An estimated 8,000 people are battling a series of 24 raging fires in Oregon, most notably Chetco Bar Fire, which has engulfed nearly 180,000 acres, and the Eagle Creek wildfire which is threatening the eastern edge of Portland. The Eagle Creek fire has burned 33,000 acres and while Oregon firefighters are starting to make some headway, containing about 5% of the fire through burnouts conducted on Wednesday, more resources are needed throughout the state. Oregon Public Broadcasting reports that Governor Kate Brown previously asked the Trump administration for help and they flatly refused any assistance:
But if there is wildfire management to second-guess, Oregon’s Democratic governor would direct it at the Trump Administration and its response to a request she made last month.
“I talked with the federal authorities two weeks ago, asking for additional federal assistance, I was told point-blank ‘no’,” said Brown.
The U.S. Forest Service has been helping, and Oregon is expecting the arrival of 200 active duty military from Joint Base Lewis-McCord in Washington.
But Gov. Brown argued federal officials should be directing more resources to Oregon, because of the disproportionate degree of fire danger in the state. Brown’s numbers and those from the National Interagency Fire Center tell a similar story: that Oregon accounts for nearly one-third of the scorched acres in the country. Of 1.5 million acres or more burning across the country about a half million acres are in Oregon.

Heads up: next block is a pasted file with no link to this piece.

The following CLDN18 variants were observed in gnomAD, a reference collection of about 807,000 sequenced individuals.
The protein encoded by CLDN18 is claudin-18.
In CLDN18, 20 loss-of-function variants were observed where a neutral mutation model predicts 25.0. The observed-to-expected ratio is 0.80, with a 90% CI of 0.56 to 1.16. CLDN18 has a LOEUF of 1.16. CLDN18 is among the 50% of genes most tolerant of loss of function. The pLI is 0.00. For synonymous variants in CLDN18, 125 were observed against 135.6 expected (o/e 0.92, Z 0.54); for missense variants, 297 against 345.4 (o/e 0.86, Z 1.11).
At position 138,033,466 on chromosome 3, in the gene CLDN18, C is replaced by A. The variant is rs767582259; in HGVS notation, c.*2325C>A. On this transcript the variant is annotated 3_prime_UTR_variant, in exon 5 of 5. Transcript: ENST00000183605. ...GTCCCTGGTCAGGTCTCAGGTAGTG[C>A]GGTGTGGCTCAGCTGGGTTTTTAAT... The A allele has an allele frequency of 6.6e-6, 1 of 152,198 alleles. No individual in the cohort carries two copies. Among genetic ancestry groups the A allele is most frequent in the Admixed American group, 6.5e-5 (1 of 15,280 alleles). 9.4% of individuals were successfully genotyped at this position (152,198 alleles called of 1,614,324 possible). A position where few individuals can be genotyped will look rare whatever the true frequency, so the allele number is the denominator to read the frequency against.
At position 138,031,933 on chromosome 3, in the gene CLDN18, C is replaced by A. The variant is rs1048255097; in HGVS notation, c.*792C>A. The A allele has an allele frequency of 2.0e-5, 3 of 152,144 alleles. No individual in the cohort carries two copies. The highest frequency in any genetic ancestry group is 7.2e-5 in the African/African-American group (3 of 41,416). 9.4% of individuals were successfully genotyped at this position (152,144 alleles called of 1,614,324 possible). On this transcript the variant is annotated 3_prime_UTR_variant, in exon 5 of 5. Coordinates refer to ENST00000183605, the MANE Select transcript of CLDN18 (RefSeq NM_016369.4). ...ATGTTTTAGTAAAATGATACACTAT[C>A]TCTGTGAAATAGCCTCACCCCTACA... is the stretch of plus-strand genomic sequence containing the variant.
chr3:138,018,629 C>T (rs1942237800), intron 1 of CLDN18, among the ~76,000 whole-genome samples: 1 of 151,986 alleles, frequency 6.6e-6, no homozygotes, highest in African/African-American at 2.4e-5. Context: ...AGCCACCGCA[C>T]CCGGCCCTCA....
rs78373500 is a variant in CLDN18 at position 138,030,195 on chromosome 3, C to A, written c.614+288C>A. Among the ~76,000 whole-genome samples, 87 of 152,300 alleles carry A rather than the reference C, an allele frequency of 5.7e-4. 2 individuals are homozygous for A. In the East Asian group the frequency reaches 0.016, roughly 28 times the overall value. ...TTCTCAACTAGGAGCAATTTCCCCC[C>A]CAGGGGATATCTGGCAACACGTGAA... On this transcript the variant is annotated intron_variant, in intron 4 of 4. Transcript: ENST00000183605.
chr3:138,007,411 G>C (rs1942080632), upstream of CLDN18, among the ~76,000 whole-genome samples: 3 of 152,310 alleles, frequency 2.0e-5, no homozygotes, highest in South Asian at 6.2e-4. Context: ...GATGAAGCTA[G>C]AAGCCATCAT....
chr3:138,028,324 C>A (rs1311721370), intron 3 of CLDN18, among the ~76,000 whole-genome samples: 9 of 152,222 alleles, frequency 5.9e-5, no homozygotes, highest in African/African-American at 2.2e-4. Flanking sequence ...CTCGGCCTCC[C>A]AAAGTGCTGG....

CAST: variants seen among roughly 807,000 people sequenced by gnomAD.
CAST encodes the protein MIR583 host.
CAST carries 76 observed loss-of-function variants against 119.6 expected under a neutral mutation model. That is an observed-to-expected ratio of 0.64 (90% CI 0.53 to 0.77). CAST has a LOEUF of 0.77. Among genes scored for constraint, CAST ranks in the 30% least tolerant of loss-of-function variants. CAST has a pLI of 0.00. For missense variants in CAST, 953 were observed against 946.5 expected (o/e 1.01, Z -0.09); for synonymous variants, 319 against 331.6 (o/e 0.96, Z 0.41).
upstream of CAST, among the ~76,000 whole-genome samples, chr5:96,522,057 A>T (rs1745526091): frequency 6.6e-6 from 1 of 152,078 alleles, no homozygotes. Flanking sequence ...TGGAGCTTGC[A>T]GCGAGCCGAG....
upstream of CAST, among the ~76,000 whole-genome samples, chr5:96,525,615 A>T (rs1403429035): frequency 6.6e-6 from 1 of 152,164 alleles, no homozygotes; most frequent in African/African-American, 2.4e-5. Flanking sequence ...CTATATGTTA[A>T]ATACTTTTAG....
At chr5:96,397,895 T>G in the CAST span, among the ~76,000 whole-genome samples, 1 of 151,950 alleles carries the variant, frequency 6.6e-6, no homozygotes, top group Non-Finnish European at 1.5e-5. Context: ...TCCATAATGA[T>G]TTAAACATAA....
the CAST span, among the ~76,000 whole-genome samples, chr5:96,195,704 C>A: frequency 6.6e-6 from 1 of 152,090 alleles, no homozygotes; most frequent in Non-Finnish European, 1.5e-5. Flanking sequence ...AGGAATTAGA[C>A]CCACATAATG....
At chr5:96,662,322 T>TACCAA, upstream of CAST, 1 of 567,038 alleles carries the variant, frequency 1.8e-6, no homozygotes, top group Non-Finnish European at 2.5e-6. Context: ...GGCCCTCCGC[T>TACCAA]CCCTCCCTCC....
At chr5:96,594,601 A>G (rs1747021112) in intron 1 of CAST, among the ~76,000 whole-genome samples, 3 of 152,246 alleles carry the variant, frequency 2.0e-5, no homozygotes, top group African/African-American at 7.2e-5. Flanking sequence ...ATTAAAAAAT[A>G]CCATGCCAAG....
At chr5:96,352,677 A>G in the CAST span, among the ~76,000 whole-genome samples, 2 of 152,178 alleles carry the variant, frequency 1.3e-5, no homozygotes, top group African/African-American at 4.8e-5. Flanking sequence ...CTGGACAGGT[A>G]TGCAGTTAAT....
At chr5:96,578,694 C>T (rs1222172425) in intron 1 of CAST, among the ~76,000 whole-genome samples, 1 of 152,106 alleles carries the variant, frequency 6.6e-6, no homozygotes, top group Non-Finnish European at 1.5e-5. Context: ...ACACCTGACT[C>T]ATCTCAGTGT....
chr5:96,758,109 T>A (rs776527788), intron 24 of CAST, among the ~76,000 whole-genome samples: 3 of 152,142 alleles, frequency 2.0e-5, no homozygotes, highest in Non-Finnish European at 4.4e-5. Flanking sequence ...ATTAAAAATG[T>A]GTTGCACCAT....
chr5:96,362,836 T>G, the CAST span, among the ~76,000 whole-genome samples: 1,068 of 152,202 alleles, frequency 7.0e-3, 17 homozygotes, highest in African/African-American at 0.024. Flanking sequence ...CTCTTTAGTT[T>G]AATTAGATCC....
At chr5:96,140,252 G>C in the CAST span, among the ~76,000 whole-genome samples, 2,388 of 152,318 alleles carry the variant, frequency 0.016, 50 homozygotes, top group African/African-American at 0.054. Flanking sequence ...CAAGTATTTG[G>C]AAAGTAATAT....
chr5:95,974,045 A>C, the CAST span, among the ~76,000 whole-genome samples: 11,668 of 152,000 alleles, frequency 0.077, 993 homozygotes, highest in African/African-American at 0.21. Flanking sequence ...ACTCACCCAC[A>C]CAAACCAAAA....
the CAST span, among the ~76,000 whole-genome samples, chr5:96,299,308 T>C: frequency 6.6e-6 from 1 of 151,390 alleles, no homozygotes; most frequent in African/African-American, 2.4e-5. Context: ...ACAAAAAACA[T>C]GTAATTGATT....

Sadly, the Eagle Creek fire was reportedly started by a teenager throwing fireworks in Eagle Creek Canyon:
“I saw this kid throw a smoke bomb — just lobbed it and dropped it down into the woods. … I saw him throw something that was on fire. Then we all looked over the edge and saw smoke,” she said. “I said, ‘Do you realize how dangerous this is?’”
Law enforcement caught up with the suspect before he left the area:
One suspect has been identified as a 15-year-old male from Vancouver, Washington. Oregon State Police spokesman Bill Fugate said if charged, the suspect could face the same state charges as an adult. Fugate said OSP will release the suspect’s name if and when charges are filed. It is believed he and others may have been using fireworks which started the forest fire along the Eagle Creek Trail.